Cisco Tries to Copy Old Spice’s YouTube Success

10 Ways to Fail at Social Media

If imitation is the sincerest form of flattery, then Old Spice’s cross platform social media campaign starring towel-clad hunk, Isaiah Mustafa, received another accolade. Old Spice’s ubiquitous 180+ YouTube video effort was bound to spurn copycats each hoping to go viral. The first big-time impersonator wasn’t a small, unknown firm but rather NASDAQ heavyweight Cisco Systems which created eighteen YouTube videos starring “Ted from Accounting” and yielded a few thousand combined YouTube views. Appearing more amateurish than Old Spice’s video parodies, Cisco’s low quality efforts are a crash course in how not to do social media.

10 Ways to fail at social media

For executives and marketers who are reluctant to provide necessary budget and headcount to social media marketing because its “that stuff we can get for free”, Cisco’s copycat version of Old Spice’s runaway social media viral success provides a teachable moment.  Here are 10 pitfalls to avoid while moving your social media efforts forward.

  1. Isn’t useful or entertaining enough to engage prospects, customers and/or the general public. Cisco, a provider of quality technical products, received quite a bit of attention for its videos’ poor quality. By contrast, the Old Spice YouTube videos were just plain funny, making viewers want to see more of them.
  2. Doesn’t leverage the power of communities, individuals’ social graphs and/or social sharing to extend reach. Cisco initiated this effort on their blog which had insufficient reach to garner much attention.
  3. Exists in a vacuum without other marketing support. To be most effective, social media needs to be integrated into a well thought out marketing plan. In this way, it can leverage other aspects of the marketing mix.
  4. Misses opportunity to present and/or mention Cisco’s brand and/or product. Every Old Spice video and interaction reinforced the brand and product in a way consistent with its earlier, award winning television ads. By contrast, Cisco’s videos didn’t support the brand in any coordinated, meaningful way.
  5. Doesn’t resonate or interact with Cisco’s target market or its influencers. Placing a nerd in a toy filled bathroom didn’t appeal to Cisco’s customers or their influencers. With only 4,000 views, Cisco was lucky its core market didn’t see how it missed the mark.
  6. Hinders interaction with prospects and the public through the use of multiple Twitter accounts with unmemorable handles. (This is also discussed on Social Media Times.) Cisco should have tried to aggregate channels to enhance their reach.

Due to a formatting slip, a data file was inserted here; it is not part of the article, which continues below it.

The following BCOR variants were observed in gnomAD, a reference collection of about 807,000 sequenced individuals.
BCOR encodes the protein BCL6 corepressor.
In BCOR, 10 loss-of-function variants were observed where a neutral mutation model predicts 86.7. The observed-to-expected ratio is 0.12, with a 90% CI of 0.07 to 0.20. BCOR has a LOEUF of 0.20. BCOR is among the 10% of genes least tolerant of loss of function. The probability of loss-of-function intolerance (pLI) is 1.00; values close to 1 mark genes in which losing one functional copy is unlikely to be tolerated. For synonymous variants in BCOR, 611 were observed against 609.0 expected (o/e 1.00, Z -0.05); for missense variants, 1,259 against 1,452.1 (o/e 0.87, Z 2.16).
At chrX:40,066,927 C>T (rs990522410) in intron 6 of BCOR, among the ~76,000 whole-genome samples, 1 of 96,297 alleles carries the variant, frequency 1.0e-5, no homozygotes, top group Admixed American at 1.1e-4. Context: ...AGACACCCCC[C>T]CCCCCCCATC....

7. Doesn’t enhance Cisco’s brand or sales. Cisco’s eighteen videos had more in common with Old Spice’s brand than their own. Cisco could have created a fun social media campaign around “What’s a router?” or a comical teaching series mocking the intricacies of the data networking in terms that both the general public and their core users could understand.
  8. Underestimates Cisco’s spokesman’s importance to connect the brand with its target audience and relevant influencers. While Old Spice used a hunk who the brand’s primary influencers, women, considered eye-candy, Cisco presented a nerdy guy dressed in a shirt, tie and towel who was presumably from their accounting department. Certainly not an aspirational figure.
  9. Doesn’t utilize other social media platforms to cross promote the campaign. Old Spice started their campaign on Reddit and other social media sites before it hit YouTube. A better planned marketing strategy would have seeded the Cisco campaign across a variety of social media entities like Yahoo Answers and other Q&A sites as well as Twitter and social sharing sites.
  10. Doesn’t leverage other personnel across Cisco’s organization. This is an issue that many companies face. Social media marketing shouldn’t be limited to your marketing department. Social media requires input and interaction across the entire organization including sales, customer service, product management, senior executives and other departments to gather customer feedback.

Cisco’s copycat efforts underscore the need to ensure that your social media marketing efforts have sufficient resources and headcount. Remember that social media initiatives need an integrated plan to ensure they work with your other marketing and business activities. To protect your brand and your employees, it’s critical to have social media guidelines. As a teachable moment, the failure of these eighteen videos to create any buzz should help make the case for additional scope and budget for your social media campaigns.

Happy marketing,

Heidi Cohen


Photo credit: Phobia by Hans.Gerwitz via Flickr

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